Long Time Greeley Resident Beef Sloan is the taxi-man you call when you need to ride anywhere in town, unless you call Stacey and Sassy. A few years ago, however, we at BandWagon were introduced to him when his self-published autobiography Life vs. Death came out. Yes, you can get it on Amazon and Goodreads, but there are print copies out there, which we got our hands on. The new revision of Sloan’s book, that is.
So, I should preface this review by stating that Life vs. Death Revised is full of spelling mistakes, grammatical errors and formatting faux pas. This is something Beef himself admitted to me when I met him at “Raw Beef Sloan,” a live reading Sloan put on at The Moxi earlier in the year. Despite the glaring technical faults, this is a heartfelt, charming time capsule of a book, where Sloan retells his upbringing in Greeley, a brief time in Ohio, and then his return to Northern Colorado. More specifically, it recounts the times Beef should have met his end.
“I truly believe on the day I was born God assigned a ‘team’ of Angels to look over me and keep me safe, even if that meant protecting me from myself.” From trying to catch cars near his childhood home at 11th Avenue and Cranford Place to the truck accident in 1994 that almost killed him, Sloan makes it clear that trouble, if he’s not actively looking for it, manages to find him.
At times, Life vs. Death can read almost like Garrison Keillor’s Jackass: The Novel; nothing but folksy tales of youthful, Midwestern stupidity that should’ve ended in bloodshed. As the novel progresses into Beef’s adult life, however, the subject matter gets a little more serious, such as when he was 29, he started to get the feeling he wouldn’t live past 30, which lead to health issues and a chat with a mental health professional, working past his problems over the course of four months. Tales like these give the later half of the book a bit of emotional punch, for reasons I won’t go into since it would spoil the book. I will leave you with a quote from Beef himself that can best sum up the book:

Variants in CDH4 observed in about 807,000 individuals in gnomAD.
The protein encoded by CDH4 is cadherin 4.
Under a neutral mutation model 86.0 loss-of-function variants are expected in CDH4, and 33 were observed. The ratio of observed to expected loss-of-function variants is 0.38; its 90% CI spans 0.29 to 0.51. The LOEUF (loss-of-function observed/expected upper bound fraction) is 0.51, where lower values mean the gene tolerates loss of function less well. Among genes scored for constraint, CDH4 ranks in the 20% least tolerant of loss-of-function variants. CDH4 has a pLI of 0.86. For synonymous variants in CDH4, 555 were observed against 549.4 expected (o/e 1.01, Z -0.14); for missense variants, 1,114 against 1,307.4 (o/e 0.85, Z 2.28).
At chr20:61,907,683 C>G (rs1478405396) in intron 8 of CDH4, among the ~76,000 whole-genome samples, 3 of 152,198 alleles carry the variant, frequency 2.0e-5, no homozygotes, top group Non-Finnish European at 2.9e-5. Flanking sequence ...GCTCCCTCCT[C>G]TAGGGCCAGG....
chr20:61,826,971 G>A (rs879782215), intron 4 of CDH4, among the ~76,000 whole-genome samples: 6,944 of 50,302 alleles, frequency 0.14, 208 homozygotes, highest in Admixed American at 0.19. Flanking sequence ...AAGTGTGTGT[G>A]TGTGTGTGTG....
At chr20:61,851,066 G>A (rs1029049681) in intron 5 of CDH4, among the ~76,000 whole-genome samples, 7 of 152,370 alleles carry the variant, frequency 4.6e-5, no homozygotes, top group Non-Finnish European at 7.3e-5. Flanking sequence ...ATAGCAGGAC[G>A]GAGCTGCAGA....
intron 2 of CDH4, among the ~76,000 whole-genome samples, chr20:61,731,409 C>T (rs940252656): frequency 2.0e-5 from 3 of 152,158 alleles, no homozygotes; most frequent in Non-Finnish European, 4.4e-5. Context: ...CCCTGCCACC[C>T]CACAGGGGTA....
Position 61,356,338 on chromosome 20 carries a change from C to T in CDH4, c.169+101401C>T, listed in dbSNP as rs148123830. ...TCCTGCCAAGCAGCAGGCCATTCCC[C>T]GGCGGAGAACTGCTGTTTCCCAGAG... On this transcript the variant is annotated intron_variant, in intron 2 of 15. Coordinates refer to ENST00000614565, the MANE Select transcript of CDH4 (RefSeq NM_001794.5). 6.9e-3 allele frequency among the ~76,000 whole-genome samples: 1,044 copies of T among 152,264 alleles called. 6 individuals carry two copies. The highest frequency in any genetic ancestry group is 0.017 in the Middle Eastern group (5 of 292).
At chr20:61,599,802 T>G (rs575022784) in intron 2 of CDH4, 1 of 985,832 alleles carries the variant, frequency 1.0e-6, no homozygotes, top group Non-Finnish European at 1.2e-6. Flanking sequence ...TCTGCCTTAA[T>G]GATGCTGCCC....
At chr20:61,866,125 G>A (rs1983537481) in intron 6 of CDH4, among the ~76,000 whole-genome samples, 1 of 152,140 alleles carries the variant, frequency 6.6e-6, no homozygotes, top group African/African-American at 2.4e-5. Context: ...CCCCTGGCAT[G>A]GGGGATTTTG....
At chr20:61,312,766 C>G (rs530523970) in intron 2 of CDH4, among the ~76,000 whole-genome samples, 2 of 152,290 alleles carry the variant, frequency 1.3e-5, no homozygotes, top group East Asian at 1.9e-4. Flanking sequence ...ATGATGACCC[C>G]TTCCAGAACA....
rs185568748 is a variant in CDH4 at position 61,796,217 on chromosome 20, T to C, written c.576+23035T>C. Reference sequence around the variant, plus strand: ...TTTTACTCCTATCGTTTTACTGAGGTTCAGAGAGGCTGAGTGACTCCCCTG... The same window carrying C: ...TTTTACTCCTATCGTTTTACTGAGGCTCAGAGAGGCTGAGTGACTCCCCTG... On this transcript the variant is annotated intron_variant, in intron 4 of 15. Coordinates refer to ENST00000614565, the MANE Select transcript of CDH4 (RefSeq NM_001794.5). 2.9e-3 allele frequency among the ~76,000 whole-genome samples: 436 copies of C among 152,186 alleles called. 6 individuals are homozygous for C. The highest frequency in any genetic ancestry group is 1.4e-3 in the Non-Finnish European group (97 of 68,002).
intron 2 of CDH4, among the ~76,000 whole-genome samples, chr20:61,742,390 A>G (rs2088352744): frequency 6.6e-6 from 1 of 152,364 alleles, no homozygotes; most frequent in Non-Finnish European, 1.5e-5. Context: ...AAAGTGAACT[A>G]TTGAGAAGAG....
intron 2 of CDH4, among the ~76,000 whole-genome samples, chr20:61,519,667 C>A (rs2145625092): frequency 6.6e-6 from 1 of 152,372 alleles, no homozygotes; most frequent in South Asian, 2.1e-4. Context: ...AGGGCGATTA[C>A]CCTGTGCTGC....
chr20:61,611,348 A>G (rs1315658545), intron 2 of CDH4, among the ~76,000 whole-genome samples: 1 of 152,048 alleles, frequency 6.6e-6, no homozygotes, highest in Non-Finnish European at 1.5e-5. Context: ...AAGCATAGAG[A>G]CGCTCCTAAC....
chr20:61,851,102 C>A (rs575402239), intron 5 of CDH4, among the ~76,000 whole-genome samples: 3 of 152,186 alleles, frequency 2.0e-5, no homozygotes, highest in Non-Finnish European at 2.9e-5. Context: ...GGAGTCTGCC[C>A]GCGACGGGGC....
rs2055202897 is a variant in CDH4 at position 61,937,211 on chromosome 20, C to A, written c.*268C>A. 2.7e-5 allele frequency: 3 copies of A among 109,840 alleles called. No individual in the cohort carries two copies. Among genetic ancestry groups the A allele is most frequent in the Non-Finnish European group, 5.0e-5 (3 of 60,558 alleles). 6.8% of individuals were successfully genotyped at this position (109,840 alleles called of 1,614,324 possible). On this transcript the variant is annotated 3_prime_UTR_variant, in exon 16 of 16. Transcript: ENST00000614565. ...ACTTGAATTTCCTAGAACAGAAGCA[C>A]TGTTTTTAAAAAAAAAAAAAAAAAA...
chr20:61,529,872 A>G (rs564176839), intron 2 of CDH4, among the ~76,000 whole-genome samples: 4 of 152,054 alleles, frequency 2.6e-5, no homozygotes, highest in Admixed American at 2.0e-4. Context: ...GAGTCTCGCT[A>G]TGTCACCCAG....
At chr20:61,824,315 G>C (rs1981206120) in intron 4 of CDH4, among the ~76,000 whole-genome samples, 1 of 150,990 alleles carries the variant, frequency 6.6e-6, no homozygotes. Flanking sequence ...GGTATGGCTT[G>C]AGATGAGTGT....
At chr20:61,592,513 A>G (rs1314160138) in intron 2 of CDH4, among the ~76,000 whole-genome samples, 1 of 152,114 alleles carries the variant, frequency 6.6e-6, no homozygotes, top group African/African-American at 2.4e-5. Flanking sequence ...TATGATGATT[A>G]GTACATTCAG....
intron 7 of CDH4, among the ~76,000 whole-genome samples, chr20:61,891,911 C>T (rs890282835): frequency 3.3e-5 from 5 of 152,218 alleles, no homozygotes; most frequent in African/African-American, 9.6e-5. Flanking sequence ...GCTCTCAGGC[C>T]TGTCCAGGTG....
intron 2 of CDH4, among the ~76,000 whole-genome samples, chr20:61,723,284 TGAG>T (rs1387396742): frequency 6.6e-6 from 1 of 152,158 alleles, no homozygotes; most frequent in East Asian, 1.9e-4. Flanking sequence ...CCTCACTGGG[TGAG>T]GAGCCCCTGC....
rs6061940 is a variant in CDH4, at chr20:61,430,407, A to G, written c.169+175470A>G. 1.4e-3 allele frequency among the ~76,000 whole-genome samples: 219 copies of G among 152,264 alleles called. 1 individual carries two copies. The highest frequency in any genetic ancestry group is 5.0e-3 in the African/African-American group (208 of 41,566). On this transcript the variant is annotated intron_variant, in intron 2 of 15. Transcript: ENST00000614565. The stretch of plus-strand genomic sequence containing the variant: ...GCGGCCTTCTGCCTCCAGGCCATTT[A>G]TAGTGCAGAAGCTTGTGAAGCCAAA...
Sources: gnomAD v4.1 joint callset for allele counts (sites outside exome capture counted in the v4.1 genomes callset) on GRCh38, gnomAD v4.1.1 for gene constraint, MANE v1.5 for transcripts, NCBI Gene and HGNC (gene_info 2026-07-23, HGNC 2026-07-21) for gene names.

“In writing this book my mind went places I had not been in a long time. Rekindling feelings I had not felt in years. Although it has strengthened my faith in God, it has left me still searching for the answer to the why?”
Now, yes, this is a self-published book that could stand to have an editor go over it. The spelling and grammar can be distracting at times. But if you want a glimpse into the life of an ordinary man who’s survived extraordinary circumstances, give Life vs. Death Revised a shot. You can find it at www.beefsbook.com.